The decade’s best designs were flexible. Open spaces free of load-bearing walls were a feature of the International Style popular in 1970s and postwar architecture generally, says Peter Thule Kristensen, an architecture professor at the Royal Danish Academy of Fine Arts. This translated into office environments such as Foster’s ibm headquarters or Hertzberger’s Centraal Beheer, because they could be reconfigured to suit a company’s changing needs. This echoes with today’s companies, which like to be able to constantly rejig their interiors.
“These designs are not just form follows function but form follows behaviour”
Of course, what’s on the outside can be just as important. Take any number of Arne Jacobsen’s designs. Although the Danish master was conventional when it came to office floorplans – big lobbies; long corridors; small, discrete offices – his structures were masterclasses in how to design a building with respect for its context, says Kristensen. The National Bank in Copenhagen is undeniably modernist, yet it acknowledges the 19th-century classicist architecture in the surrounding neighbourhood via its use of marble and bronze.
Given the pandemic, considerable thought is once again going into what we need from our workplaces. In future, many of us will have more flexible schedules and spend less time in the office than we used to. But, as Foster says, “the things that you do need to go into the office to do have become more precious”. To achieve those precious things you need a site- specific building with warm interiors and a layout that encourages lively conversation. In short, you need what those employees at Willis Faber & Dumas in Ipswich had all those years ago.
The office of the centre-right Frankfurter Allgemeine Zeitung, one of Germany’s biggest newspapers, has always been a unique place to work. Editorial independence is held so sacred here that journalists and editors are in one building and the commercial team in another. The two are joined by a skywalk that’s dubbed “the bridge of sighs”. In 2022, however, all departments will move to a modern building complex in Frankfurt’s European quarter.
Designed by Berlin’s Eike Becker Architekten, the new 18-storey building will provide space for 1,000 employees and was originally configured with open-plan working in mind. But then came the pandemic and the surge in remote working, so the board decided to get rid of one floor due to the high number of reporters who won’t be based in the office. “The situation also shed a light on another issue: the fate of the single-person office,” says company coo Volker Breid. The significance of enclosed, independent spaces for staff is rooted in the newspaper’s history where the idea of “independent minds” remains prominent. The paper doesn’t have just one editor but four – all of whom have individual offices.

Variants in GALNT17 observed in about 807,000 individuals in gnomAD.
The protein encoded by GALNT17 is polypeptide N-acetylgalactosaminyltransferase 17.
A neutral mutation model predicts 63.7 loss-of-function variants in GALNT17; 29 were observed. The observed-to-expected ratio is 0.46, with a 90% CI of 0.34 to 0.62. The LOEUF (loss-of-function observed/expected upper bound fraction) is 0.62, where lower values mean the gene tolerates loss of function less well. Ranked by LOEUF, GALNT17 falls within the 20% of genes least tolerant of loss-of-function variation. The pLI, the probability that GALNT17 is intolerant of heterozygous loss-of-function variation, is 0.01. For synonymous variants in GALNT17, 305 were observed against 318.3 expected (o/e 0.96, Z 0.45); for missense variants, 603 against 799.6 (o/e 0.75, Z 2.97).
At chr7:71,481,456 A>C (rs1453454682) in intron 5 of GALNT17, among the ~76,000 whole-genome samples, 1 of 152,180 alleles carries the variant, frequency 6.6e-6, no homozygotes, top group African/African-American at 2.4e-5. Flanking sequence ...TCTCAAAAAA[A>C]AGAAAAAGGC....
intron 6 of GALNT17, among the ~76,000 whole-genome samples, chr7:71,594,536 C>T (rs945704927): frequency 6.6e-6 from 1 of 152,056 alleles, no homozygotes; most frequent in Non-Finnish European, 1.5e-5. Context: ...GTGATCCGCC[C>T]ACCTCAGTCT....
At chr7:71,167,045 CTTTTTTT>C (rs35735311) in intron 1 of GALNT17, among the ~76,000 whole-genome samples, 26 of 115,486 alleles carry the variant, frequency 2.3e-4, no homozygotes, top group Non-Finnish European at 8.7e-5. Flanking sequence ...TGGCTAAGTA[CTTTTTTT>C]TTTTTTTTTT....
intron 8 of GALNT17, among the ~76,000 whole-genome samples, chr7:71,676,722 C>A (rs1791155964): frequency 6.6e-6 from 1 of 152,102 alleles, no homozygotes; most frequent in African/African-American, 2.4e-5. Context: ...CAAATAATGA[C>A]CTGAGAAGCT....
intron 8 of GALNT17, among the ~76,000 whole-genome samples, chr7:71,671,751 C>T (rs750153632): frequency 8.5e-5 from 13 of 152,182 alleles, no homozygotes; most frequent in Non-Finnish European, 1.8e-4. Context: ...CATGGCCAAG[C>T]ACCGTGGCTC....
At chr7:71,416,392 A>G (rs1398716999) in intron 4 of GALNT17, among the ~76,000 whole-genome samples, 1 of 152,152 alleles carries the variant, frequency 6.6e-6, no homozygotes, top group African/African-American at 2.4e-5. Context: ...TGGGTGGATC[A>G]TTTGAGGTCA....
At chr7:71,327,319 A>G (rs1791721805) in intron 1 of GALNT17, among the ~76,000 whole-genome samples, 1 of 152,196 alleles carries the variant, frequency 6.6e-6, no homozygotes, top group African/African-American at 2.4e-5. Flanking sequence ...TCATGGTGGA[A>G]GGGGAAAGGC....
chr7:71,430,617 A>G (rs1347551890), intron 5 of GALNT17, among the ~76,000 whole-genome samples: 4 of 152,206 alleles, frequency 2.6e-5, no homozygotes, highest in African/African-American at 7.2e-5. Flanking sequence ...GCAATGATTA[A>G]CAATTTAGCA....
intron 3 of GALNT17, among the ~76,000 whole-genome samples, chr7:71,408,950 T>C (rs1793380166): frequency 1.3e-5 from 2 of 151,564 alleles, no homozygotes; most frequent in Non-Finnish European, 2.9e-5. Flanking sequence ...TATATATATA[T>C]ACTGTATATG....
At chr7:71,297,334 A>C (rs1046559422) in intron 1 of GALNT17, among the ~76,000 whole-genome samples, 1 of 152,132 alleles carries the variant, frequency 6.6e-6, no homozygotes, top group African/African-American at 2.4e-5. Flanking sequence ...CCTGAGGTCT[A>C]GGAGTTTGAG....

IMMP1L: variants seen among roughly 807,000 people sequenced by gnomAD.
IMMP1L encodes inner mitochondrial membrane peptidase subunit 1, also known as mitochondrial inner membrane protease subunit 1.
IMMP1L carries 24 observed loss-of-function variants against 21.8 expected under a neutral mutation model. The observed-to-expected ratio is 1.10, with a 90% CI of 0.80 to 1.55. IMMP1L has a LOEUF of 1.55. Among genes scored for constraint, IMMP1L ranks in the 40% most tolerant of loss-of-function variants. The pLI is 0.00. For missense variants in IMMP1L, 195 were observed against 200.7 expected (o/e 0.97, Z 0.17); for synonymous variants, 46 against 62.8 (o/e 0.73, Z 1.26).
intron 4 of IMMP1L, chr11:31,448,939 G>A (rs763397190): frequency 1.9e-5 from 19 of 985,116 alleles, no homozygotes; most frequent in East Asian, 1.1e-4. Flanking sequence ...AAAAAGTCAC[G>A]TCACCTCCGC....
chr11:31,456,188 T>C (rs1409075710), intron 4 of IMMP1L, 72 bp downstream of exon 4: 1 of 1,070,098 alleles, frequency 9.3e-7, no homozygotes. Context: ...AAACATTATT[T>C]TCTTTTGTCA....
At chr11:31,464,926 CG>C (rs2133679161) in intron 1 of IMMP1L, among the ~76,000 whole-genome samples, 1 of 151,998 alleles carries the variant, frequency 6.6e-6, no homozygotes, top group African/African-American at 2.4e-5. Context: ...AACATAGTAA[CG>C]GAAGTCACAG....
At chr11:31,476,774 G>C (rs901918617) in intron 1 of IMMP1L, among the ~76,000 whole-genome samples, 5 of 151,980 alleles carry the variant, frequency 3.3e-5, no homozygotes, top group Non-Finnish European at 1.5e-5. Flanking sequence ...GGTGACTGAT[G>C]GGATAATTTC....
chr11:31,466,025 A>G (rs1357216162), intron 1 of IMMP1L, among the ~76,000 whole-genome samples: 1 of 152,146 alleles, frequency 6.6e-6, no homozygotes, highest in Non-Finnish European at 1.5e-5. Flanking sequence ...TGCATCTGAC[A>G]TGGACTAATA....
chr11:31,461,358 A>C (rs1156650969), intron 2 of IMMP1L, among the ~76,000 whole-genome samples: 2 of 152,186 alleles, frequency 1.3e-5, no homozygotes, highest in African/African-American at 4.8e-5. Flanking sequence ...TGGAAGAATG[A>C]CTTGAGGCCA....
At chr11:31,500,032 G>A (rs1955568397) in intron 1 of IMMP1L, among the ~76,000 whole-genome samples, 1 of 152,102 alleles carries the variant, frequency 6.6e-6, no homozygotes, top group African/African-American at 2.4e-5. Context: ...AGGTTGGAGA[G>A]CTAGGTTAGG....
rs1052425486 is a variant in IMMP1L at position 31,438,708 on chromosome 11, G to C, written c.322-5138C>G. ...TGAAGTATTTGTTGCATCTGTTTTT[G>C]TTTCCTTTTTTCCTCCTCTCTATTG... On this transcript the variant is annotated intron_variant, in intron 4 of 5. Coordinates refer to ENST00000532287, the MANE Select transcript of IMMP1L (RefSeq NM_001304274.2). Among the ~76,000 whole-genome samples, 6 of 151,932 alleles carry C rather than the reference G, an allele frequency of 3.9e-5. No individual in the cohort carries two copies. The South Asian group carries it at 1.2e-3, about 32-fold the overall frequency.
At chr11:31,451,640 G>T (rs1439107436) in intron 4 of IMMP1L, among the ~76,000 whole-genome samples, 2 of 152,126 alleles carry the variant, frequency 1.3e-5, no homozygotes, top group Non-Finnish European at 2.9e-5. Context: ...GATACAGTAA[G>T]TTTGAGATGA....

“Not everything that is fashionable has to be good,” says Breid of the growing business movement towards open-plan. After all, his journalists require a certain amount of peace and tranquillity to do their job.
It’s a view that’s in contrast to that of Axel Springer, publisher of Bild and Die Welt. For its new building, which opened in October, the firm decided to ditch single offices altogether. “Measuring one’s status by individual space is outdated,” ceo Mathias Döpfner told his employees, mentioning that he shares his own office with three fellow board members. But even though many companies highlight what they believe to be a sense of community and collaboration as a reason for the open-plan office, it’s primarily a means of saving money.
Studies have shown that when companies move to open-plan, the motivation and performance of staff declines, while working hours and sickness rates increase. Many German media companies seem to agree. Whereas other industries introduced open-plan Bürolandschaften (“office landscapes”), most publishers have remained advocates of individual offices. “We have never changed our office model because it works well for us,” says Philipp Wolff of Hubert Burda Media, publisher of titles including Elle.
“We want a space that doesn’t hinder good ideas but promotes them”
Many German newspapers still reside in the Pressehäuser (press buildings) constructed after the Second World War. The weekly Die Zeit, for example, occupies the same Hamburg base in which it was founded in 1946. “In a world of information bombardment, the individual office is the last refuge of a person who wants to finish a thought,” the paper’s deputy editor Sabine Rückert recently wrote in Zeit Magazin.
A similar opinion is expressed by Gruner 1 Jahr, one of Europe’s biggest publishers. The firm resides in a huge ship-like building in Hamburg, comprised of smaller internal offices, but in the next few years it will be moving to new premises designed by UK architects Caruso St John. The design of this office for 2,200 employees is still to be confirmed but the company is keen on keeping the current work spirit alive. “We want a space that doesn’t hinder good ideas but promotes them,” says ceo Julia Jäkel.
In the end, Frankfurter Allgemeine chose a newsroom with open spaces, “but intellectually demanding content will be worked on in single rooms or dedicated spaces in the newsroom,” says Breid, initially a proponent of open-plan. “It was a learning process. But we took a careful look at our business model and asked: ‘Do the spaces that fit Google necessarily suit us as well?’ The answer is no.”
Images: Ken Kirkwood, Tim Street-Porter, Willem Diepraam, Andreas Trier Mørch, courtesy of The Royal Danish Academy of Fine Arts' School of Architecture, Design and Conservation